Cladding and its impact on Enfranchisement
On Thursday I’ll be attending the Spring conference of the Association of Leasehold and Enfranchisement Practitioners (ALEP) as one of the panellists, writes Clive Scrivener.
As ever ALEP seeks to provide its members with relevant, topical content and to tackle points arising at the forefront of enfranchisement. Membership of this professional association is a badge of assurance to leaseholders and freeholders that they can be sure of a consistently high level of service, integrity and professionalism.
The Association is non-political and acts in an independent capacity to ensure the quality and integrity of its membership in pursuit of best practice in all matters concerning leasehold. Its membership encompasses business that work with both freeholders and leaseholders, with the common aim of providing expert advice and support to their clients.
The ALEP Spring Lecture is an event for legal and valuation practitioners working in the enfranchisement sector and is open to members and non-members.
The tragic events at the Grenfell Tower on 14 June 2017 put the question of building safety and cladding at the top of the leasehold agenda.
Leaseholders affected by this issue are experiencing “unimaginable anxiety” over the uncertainty as to who will pay for the necessary remedial works. Freeholders face uncertainty over liabilities and service charge budgets.
The EWS1 form has dominated the conveyancing world and many flat owners are unable to sell or remortgage until any uncertainty concerning the exact type of cladding at their block has been resolved.
There are many blocks that wish to address the question of whether to buy their freehold in such a situation; either by collective enfranchisement, or by responding to a Section 5 Notice. This may either be as a response to the issues of repair and service charges that cladding raises, or for other reasons such as lease terms and ground rent.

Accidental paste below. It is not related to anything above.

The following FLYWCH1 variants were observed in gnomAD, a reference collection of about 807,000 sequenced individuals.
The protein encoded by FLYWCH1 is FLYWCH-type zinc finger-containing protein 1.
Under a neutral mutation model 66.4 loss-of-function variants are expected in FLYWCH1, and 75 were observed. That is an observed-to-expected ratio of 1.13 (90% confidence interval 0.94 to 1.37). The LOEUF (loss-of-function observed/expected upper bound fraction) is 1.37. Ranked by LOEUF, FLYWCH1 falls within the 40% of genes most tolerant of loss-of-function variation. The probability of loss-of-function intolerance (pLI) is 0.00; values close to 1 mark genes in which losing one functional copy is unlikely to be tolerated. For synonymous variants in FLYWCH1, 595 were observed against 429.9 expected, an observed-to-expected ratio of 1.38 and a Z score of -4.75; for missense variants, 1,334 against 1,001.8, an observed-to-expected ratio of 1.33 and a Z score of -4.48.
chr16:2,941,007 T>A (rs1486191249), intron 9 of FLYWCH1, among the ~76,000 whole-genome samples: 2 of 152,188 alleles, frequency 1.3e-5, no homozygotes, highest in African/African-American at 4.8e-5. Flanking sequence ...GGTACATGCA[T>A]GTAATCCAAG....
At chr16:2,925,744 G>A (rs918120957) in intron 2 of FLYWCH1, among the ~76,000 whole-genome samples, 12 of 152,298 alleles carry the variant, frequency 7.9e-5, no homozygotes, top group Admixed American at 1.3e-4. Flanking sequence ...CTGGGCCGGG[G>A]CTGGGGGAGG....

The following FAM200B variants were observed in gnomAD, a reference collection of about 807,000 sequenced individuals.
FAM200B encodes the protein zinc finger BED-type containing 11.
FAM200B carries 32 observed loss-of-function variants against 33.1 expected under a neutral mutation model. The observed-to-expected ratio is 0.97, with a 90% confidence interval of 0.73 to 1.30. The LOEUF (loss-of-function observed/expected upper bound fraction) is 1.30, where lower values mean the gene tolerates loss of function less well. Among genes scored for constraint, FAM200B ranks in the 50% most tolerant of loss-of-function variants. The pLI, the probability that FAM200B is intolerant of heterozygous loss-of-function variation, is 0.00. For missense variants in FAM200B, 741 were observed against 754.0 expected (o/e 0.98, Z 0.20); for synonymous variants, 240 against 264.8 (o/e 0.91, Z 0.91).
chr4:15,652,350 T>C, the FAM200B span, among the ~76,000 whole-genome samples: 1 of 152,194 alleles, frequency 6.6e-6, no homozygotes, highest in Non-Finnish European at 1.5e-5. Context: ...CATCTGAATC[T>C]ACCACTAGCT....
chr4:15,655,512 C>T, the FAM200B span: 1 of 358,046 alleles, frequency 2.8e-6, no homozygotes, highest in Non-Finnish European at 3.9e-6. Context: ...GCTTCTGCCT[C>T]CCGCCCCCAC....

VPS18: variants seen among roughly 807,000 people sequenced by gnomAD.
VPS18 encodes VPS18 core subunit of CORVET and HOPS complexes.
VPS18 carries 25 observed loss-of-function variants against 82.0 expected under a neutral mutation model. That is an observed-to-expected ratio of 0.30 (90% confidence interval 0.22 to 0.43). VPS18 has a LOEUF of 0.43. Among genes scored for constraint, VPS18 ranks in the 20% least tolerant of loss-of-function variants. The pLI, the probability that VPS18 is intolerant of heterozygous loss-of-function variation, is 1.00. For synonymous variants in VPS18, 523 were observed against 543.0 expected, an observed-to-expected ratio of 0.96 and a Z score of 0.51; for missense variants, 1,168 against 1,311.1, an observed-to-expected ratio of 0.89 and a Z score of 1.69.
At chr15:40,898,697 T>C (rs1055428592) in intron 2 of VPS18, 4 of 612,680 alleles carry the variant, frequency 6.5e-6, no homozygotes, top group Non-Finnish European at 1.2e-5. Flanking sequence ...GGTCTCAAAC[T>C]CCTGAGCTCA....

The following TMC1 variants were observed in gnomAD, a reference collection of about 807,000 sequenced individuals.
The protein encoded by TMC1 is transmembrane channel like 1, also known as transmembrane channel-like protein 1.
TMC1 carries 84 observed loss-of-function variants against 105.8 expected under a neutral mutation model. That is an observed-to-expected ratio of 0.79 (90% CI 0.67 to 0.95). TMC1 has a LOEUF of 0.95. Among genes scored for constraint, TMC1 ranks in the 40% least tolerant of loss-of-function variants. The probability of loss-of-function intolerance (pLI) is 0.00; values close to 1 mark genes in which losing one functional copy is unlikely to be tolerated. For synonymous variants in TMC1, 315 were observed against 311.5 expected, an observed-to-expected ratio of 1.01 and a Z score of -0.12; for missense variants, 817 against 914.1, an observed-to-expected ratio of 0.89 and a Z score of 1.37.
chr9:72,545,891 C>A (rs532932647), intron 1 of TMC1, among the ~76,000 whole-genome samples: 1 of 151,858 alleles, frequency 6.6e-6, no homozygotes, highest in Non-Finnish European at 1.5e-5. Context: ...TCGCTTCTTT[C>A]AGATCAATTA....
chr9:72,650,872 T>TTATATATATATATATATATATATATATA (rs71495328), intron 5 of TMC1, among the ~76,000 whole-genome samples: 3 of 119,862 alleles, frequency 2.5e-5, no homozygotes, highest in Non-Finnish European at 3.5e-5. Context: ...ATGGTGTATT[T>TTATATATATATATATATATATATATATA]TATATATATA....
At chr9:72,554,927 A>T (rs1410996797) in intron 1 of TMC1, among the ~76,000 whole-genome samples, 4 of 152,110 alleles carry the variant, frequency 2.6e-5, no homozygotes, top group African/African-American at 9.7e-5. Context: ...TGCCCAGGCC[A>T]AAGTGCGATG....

Leasehold enfranchisement includes the processes of lease extension, freehold acquisition and correction of management problems within leasehold properties. ALEP exists to ensure that practitioners involved in this sector adhere to an agreed level of conduct and service.
Flat owners seeking a lease extension should instruct a surveyor to produce a valuation of the premium for the lease extension. Your solicitor will then serve a formal Section 42 notice of claim on the freeholder[s], which will start the legal process to acquire a lease extension. Freeholders served with this notice must respond with a formal counter notice within two months of the date of the original notice.
Once a Section 42 notice is served, the flat owner is liable for the freeholder’s reasonable costs from the date he received the notice.
Scrivener Tibbatts regularly conducts negotiations and assists with valuations of premium for both flat owners and freeholders in regard to lease extension, dispute resolution, and representation at a First-Tier Tribunal should this be necessary.
I’m looking forward to the discussions next week.
If you would like to discuss something related to a valuation here in Wimbledon please contact Clive via email at email@example.com or call 020 8947 7040.